With just one day to go until Earth Hour 2017, preparations are well underway for what is set to be the biggest year yet.
Every year since 2007, WWF’s ‘Earth Hour’ has reminded us all of the pressing need to treat our environment with the care it deserves, by calling on individuals across the world to turn off their lights for one hour on one day each year. On this tenth anniversary year, we wanted to take a closer look at what this Hour really represents, and what makes this year’s Earth Hour so important.
2017 has been the hottest consecutive year on record, and in the wake of major climate talks in Paris and at home here in the UK, political action is desperately needed. With polar ice caps melting and sea levels rising at an alarming rate, it is no wonder that nearly 1 in 6 species now run the risk of extinction. By switching off your lights for just one hour, you can join millions of people across the globe in a symbolic show of support to protect planet Earth before it’s too late.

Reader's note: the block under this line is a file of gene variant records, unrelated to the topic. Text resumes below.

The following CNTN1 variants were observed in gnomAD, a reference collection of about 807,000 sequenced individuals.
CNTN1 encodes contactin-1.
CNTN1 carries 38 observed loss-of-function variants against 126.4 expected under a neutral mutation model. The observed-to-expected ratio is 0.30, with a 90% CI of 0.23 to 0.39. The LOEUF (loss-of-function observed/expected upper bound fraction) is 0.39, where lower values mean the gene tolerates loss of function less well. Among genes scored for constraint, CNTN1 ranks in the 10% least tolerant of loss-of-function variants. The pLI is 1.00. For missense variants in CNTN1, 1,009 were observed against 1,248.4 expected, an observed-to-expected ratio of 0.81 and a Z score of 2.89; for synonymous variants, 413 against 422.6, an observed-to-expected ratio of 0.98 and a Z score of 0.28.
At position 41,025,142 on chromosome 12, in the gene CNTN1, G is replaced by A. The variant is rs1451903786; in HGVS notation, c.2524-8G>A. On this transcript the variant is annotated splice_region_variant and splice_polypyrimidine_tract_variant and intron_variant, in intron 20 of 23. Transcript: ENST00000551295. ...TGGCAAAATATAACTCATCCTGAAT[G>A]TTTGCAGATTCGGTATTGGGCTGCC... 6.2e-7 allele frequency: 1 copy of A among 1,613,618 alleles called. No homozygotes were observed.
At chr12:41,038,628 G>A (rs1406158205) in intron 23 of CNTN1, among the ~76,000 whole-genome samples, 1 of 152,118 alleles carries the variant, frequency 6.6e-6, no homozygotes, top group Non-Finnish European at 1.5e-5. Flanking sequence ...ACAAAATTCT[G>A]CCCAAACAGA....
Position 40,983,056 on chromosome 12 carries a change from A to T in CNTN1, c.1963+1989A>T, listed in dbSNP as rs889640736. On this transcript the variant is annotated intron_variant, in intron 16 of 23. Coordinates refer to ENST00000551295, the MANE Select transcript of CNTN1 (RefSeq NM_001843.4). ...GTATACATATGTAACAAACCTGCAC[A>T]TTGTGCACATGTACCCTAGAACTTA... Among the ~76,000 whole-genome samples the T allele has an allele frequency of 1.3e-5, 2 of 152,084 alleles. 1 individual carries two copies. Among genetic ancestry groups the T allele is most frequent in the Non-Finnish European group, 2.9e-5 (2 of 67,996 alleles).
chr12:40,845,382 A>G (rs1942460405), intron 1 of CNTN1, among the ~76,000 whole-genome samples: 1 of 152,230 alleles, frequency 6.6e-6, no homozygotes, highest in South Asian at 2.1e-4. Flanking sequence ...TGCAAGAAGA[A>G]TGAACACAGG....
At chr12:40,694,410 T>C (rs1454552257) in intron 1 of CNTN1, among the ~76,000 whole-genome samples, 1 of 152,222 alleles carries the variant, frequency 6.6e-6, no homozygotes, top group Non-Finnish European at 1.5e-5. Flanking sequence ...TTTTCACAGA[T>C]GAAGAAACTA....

In the run up to March 25, well over 200 landmarks across the country are preparing to make their Earth Hour matter by switching off their lights and plunging into darkness for one hour. Last year saw families and friends across the nation holding candlelit board games, dinners and talks in the name of climate change.
With the government set to release their plan for how they are going to reduce emissions, WWF need more people than ever to sign up and #MakeClimateMatter.
If you would like to join them and take part, you can take inspiration from the resources available on WWF’s website to help you plan your own event.
Remember to switch your lights off for one hour at 8:30pm on March 25, and make this year’s Earth Hour count by sending a clear message that you want action on climate change right now.